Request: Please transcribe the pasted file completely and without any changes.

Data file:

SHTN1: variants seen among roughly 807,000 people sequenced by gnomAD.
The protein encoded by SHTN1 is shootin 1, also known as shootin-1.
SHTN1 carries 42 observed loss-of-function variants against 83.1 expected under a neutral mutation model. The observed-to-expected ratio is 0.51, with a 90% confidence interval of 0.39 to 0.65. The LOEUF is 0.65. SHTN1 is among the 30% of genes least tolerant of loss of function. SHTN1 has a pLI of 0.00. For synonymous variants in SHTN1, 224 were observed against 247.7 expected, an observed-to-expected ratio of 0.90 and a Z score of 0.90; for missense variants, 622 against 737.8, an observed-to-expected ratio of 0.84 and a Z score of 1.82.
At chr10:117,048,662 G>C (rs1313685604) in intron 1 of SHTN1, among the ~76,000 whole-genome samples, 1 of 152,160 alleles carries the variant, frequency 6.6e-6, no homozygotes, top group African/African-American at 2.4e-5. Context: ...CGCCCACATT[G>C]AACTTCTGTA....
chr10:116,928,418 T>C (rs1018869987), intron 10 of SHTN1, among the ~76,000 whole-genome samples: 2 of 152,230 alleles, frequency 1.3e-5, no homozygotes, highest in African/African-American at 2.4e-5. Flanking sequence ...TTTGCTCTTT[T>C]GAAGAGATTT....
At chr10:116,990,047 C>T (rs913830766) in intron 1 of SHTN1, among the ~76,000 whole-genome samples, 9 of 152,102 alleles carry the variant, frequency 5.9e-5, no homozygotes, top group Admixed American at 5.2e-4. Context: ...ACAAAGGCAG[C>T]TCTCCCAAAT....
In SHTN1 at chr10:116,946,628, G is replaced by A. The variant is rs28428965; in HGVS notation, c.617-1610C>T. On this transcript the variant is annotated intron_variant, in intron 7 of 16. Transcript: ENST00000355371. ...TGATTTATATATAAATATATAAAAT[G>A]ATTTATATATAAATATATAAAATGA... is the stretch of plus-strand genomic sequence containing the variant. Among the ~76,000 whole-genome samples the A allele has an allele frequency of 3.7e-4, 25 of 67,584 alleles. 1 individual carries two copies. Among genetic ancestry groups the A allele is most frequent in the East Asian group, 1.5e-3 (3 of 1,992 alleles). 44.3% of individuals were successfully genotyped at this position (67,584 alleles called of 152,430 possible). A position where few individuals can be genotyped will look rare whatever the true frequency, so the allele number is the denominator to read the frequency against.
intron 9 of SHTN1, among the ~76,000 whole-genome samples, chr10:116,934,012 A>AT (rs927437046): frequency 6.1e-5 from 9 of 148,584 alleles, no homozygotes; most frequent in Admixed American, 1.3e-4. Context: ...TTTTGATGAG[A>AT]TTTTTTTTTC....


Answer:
SHTN1: variants seen among roughly 807,000 people sequenced by gnomAD.
The protein encoded by SHTN1 is shootin 1, also known as shootin-1.
SHTN1 carries 42 observed loss-of-function variants against 83.1 expected under a neutral mutation model. The observed-to-expected ratio is 0.51, with a 90% confidence interval of 0.39 to 0.65. The LOEUF is 0.65. SHTN1 is among the 30% of genes least tolerant of loss of function. SHTN1 has a pLI of 0.00. For synonymous variants in SHTN1, 224 were observed against 247.7 expected, an observed-to-expected ratio of 0.90 and a Z score of 0.90; for missense variants, 622 against 737.8, an observed-to-expected ratio of 0.84 and a Z score of 1.82.
At chr10:117,048,662 G>C (rs1313685604) in intron 1 of SHTN1, among the ~76,000 whole-genome samples, 1 of 152,160 alleles carries the variant, frequency 6.6e-6, no homozygotes, top group African/African-American at 2.4e-5. Context: ...CGCCCACATT[G>C]AACTTCTGTA....
chr10:116,928,418 T>C (rs1018869987), intron 10 of SHTN1, among the ~76,000 whole-genome samples: 2 of 152,230 alleles, frequency 1.3e-5, no homozygotes, highest in African/African-American at 2.4e-5. Flanking sequence ...TTTGCTCTTT[T>C]GAAGAGATTT....
At chr10:116,990,047 C>T (rs913830766) in intron 1 of SHTN1, among the ~76,000 whole-genome samples, 9 of 152,102 alleles carry the variant, frequency 5.9e-5, no homozygotes, top group Admixed American at 5.2e-4. Context: ...ACAAAGGCAG[C>T]TCTCCCAAAT....
In SHTN1 at chr10:116,946,628, G is replaced by A. The variant is rs28428965; in HGVS notation, c.617-1610C>T. On this transcript the variant is annotated intron_variant, in intron 7 of 16. Transcript: ENST00000355371. ...TGATTTATATATAAATATATAAAAT[G>A]ATTTATATATAAATATATAAAATGA... is the stretch of plus-strand genomic sequence containing the variant. Among the ~76,000 whole-genome samples the A allele has an allele frequency of 3.7e-4, 25 of 67,584 alleles. 1 individual carries two copies. Among genetic ancestry groups the A allele is most frequent in the East Asian group, 1.5e-3 (3 of 1,992 alleles). 44.3% of individuals were successfully genotyped at this position (67,584 alleles called of 152,430 possible). A position where few individuals can be genotyped will look rare whatever the true frequency, so the allele number is the denominator to read the frequency against.
intron 9 of SHTN1, among the ~76,000 whole-genome samples, chr10:116,934,012 A>AT (rs927437046): frequency 6.1e-5 from 9 of 148,584 alleles, no homozygotes; most frequent in Admixed American, 1.3e-4. Context: ...TTTTGATGAG[A>AT]TTTTTTTTTC....